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MoveFifty

Three solidarity projects for education

#1. educating girls
in India

As part of the Company's 50th anniversary celebrations, Capgemini's 200,000 employees decided to take action and support education and young children. In India, the “Enlight” program is helping more than 10,000 young girls on their way to a brighter future.

A global approach

The “Enlight” program has four objectives:

  • Improve girls' skills through sustainable schooling for at least 10 years;
  • Encourage community involvement in schools and school governance;
  • Improve the level of teaching by training teachers;
  • Promote and implement an innovative and adapted teaching program.

10,400 mentors mobilized

For this rather ambitious project to be successful, the Capgemini India team is getting involved in the Enlight program: more than 150 employees have volunteered to help and have already given more than 25,000 hours of their time to the sustainable project. Between now and 2020, Enlight's ambition is that 10,400 Capgemini employees become mentors to as many young girls. The project has won several awards and will expand to include 150 schools and more than 200 teachers from various social backgrounds in around 10 states of the Republic of India.

MoveFifty

Three solidarity projects for education

#2. Rebuilding a school
in Guatemala

In Guatemala, employees rolled up their sleeves to rebuild schools in the country.

A devastated town

When the school in the small Guatemalan town of Bosques del Quetzal was destroyed by floods in 2014, more than 250 children were unable to access education in a country with one of the lowest literacy rates in the world: 56% of the population lives below the poverty line. Bosques del Quetzal also suffers from one of the lowest rates of investment in education in Latin America.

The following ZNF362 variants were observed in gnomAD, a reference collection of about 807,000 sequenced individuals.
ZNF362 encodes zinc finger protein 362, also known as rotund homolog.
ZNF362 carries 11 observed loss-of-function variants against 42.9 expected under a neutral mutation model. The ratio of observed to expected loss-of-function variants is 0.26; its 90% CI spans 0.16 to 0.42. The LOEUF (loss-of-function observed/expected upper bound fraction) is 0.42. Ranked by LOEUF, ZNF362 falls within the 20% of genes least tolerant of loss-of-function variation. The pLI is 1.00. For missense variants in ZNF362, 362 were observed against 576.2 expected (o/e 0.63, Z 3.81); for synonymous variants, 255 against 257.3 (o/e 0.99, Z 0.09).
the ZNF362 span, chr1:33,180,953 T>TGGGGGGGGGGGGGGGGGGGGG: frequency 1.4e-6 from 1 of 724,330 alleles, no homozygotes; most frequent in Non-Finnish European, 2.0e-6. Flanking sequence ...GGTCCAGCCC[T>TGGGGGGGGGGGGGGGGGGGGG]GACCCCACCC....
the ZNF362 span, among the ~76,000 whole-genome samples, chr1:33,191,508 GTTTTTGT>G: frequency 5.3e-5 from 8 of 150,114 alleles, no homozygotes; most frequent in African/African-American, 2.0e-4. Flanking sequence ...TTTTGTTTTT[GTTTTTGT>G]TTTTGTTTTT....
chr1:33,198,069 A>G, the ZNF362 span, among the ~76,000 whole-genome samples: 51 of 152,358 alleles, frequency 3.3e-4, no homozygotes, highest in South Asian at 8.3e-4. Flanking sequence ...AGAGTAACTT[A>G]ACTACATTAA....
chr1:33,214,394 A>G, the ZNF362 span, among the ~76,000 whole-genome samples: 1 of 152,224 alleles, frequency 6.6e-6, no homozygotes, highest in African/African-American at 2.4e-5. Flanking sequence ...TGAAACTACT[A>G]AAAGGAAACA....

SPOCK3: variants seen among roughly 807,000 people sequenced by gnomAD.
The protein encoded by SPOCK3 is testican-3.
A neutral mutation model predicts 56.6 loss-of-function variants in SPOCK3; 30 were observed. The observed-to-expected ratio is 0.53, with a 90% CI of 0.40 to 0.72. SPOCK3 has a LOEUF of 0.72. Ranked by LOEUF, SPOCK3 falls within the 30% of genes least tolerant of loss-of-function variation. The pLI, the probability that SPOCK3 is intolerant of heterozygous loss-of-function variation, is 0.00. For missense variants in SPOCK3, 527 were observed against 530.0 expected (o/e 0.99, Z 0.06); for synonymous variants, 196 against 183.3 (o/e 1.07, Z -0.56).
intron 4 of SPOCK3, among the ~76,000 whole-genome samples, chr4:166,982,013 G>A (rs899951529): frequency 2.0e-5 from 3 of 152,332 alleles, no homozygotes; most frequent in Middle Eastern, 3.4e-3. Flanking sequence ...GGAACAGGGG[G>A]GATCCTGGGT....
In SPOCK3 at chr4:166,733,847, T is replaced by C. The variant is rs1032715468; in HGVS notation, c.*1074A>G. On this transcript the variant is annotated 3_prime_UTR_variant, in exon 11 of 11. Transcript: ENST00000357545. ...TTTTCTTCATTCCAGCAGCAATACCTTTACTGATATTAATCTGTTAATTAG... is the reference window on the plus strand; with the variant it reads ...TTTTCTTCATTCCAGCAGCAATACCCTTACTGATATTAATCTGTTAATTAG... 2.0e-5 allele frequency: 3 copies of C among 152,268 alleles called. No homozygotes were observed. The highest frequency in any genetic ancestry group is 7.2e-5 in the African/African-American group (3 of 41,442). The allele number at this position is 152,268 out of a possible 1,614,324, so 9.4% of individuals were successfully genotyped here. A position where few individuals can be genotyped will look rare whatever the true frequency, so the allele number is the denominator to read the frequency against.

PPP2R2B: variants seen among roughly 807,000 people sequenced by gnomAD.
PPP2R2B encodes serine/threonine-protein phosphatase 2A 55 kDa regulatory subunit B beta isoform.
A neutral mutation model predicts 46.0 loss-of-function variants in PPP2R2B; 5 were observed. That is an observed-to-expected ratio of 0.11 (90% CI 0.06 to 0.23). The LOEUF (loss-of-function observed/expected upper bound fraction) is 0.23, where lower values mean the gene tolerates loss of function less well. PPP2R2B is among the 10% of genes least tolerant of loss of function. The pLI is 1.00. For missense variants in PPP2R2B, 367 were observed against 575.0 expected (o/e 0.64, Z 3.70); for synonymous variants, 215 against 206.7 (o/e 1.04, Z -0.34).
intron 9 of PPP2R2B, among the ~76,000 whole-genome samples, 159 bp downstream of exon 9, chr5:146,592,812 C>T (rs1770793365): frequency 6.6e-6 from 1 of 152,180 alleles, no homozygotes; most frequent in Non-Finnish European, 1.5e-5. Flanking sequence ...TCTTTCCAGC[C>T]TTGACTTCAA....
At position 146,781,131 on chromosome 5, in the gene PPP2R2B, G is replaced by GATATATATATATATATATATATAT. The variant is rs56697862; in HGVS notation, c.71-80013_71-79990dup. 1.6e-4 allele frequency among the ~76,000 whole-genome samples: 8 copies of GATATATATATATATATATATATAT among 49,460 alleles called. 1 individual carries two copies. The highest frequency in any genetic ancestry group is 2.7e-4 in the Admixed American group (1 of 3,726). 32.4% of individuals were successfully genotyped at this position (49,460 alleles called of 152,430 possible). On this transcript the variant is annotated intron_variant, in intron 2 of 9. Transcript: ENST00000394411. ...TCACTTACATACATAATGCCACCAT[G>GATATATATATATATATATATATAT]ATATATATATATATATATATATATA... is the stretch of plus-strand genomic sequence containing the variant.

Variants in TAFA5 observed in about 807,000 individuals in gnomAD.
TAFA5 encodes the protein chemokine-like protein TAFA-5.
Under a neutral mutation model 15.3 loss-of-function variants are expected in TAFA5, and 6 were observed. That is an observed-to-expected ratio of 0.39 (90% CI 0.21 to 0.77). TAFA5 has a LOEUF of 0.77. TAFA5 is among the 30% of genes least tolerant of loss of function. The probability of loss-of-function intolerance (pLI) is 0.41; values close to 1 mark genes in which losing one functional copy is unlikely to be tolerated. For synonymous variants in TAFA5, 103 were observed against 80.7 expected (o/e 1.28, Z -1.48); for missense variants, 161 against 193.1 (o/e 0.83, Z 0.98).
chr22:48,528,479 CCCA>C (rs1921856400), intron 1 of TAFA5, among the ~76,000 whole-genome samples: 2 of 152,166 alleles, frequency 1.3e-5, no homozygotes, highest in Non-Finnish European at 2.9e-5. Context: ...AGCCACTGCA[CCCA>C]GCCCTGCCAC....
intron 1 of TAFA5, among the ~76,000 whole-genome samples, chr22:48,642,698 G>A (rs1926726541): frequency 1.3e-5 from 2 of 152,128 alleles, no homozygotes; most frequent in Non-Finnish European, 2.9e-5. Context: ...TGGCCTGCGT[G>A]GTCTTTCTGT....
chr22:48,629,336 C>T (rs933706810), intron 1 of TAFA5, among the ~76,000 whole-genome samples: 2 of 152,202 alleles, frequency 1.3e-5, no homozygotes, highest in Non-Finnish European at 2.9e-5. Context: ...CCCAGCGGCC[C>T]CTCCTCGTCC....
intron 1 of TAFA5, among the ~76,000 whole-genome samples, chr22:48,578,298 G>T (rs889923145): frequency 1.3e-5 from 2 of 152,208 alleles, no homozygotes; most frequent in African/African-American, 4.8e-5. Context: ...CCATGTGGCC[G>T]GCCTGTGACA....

"
On the first day, a little boy gave me 150 letters that the schoolchildren had written to thank us for coming.
"remembers Gustavo Tasner, a Capgemini Guatemala employee.

Raising emergency funds first...

The priority was to raise funds to finance construction material and various equipment. Not wanting to waste time, the employees chose to donate a percentage of their salaries, which was matched by Capgemini Guatemala: in all, they collected nearly $67,000. Once the funds were raised, they got straight to work.

...and then rebuilding

For three days, computers and mobiles were replaced by shovels, trowels and drills. The team built 4 new classrooms, washrooms and a perimeter wall under the supervision of a professional builder.
Together with Gustavo, 480 Capgemini employees took action so that the children could return to school as quickly as possible.

Continuing to lend a hand

Following the success of this initial operation, the program has now added two more projects to improve life for schoolchildren.
The Move50 campaign aims to mobilize the Group’s employees to get involved in the new charity initiatives collected under the banner of “Building a better future for children”.

Discover the project in video (english and spanish)

MoveFifty

Three solidarity projects for education

#3. On your marks, ready? Code

As part of the Group’s 50th anniversary celebrations, Capgemini rallied its 200,000 employees to work with children and support education. The Group’s employees helped introduce 8 to 14-year-olds to computer coding thanks to the "Code with Cap" program.

Code with Cap

The program was launched by Capgemini France in Nantes in partnership with CCO Nantes and Cantine Numérique, both leaders in the digital sector. The program aims to show young 8 to 14-year-olds just what computer coding is and encourage them to consider it as a career option!
In Suresnes, Rennes and Bordeaux, Capgemini partnered with Innov’Avenir, La France Tech Rennes Saint Malo and Darwin projects respectively.

Encouraging girls to “Code with Cap”!

Where have all the girls gone? For a wide variety of reasons, there are far fewer women than men in the sector. An equal number of girls and boys however attended our workshops. So girls are definitely interested in coding.

"
I really liked programming Minecraft.
" says 7th-grader Evan, one of the many young "Code with Cap" participants from Nantes, France.

Impart skills, learn, and have a good time

Capgemini's coding experts run the free workshops in elementary and high schools. "Code with Cap" is a fun introduction to computing for young students, taught by employees keen to share their skills. Both the trainers and the children enjoyed the workshops and couldn’t get enough of it. They’re asking for more!
Following the launch in Nantes, the program is being extended to Bordeaux, Rennes, Toulouse and Paris and Capgemini is also considering rolling out the program overseas. The in-house "Code with Cap" team is actively expanding and creating new partnerships

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